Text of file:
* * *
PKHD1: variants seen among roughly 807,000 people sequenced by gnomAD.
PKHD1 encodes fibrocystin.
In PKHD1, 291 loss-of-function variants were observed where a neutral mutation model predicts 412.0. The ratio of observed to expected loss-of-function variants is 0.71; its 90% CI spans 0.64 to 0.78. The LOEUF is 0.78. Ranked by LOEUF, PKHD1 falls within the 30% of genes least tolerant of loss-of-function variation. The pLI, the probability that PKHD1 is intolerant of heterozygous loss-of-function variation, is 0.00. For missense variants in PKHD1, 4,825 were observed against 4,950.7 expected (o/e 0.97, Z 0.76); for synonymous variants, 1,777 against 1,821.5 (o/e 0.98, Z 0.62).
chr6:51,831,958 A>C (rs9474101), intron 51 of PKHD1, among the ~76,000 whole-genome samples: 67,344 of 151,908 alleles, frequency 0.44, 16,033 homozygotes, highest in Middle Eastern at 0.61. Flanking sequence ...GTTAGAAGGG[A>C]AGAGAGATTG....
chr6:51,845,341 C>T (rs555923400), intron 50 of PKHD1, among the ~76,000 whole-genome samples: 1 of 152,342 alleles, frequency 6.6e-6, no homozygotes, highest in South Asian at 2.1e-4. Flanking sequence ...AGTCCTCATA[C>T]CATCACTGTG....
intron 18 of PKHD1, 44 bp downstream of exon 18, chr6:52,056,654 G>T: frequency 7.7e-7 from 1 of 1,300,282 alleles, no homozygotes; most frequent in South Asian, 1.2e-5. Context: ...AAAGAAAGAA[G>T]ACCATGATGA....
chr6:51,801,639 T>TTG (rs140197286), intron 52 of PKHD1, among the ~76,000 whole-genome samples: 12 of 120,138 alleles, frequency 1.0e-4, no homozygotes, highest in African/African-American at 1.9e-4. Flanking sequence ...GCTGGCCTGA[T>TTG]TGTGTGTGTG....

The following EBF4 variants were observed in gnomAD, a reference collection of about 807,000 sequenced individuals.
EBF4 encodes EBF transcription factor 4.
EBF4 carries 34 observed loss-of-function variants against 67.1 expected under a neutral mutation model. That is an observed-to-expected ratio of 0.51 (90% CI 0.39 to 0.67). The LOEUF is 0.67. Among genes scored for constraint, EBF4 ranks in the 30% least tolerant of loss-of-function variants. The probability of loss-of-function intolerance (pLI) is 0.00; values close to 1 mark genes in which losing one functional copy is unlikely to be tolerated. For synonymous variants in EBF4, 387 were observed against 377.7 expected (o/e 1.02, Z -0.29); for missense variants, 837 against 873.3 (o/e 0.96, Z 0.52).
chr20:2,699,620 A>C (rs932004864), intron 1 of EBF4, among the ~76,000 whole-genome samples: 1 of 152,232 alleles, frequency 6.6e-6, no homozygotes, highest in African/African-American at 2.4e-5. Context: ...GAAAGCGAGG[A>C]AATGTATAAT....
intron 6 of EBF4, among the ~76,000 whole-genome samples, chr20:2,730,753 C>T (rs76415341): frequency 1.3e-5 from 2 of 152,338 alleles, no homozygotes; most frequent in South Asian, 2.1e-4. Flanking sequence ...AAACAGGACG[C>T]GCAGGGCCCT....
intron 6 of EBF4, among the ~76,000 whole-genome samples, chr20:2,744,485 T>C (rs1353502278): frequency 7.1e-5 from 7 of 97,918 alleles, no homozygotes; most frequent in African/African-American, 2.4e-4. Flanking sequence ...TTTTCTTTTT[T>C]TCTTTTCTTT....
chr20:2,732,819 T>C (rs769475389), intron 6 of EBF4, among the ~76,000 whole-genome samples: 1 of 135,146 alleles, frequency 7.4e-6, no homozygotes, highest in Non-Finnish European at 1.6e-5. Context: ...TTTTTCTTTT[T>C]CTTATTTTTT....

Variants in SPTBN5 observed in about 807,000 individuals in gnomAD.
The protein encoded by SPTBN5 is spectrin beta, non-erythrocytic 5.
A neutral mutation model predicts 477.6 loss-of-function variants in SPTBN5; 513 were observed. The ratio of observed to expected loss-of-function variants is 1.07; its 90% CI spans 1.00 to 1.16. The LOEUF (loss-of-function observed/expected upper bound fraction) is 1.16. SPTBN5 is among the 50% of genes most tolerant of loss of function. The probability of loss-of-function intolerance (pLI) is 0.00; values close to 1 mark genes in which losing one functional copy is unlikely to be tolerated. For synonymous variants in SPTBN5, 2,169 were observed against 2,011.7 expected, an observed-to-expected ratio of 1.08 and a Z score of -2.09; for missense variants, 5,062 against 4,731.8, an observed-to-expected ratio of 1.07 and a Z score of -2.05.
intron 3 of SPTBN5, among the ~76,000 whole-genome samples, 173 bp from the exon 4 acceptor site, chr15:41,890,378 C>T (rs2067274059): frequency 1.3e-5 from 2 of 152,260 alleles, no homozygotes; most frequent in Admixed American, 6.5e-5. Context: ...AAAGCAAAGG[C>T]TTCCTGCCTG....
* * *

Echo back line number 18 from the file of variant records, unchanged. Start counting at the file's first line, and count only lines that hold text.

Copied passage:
intron 3 of SPTBN5, among the ~76,000 whole-genome samples, 173 bp from the exon 4 acceptor site, chr15:41,890,378 C>T (rs2067274059): frequency 1.3e-5 from 2 of 152,260 alleles, no homozygotes; most frequent in Admixed American, 6.5e-5. Context: ...AAAGCAAAGG[C>T]TTCCTGCCTG....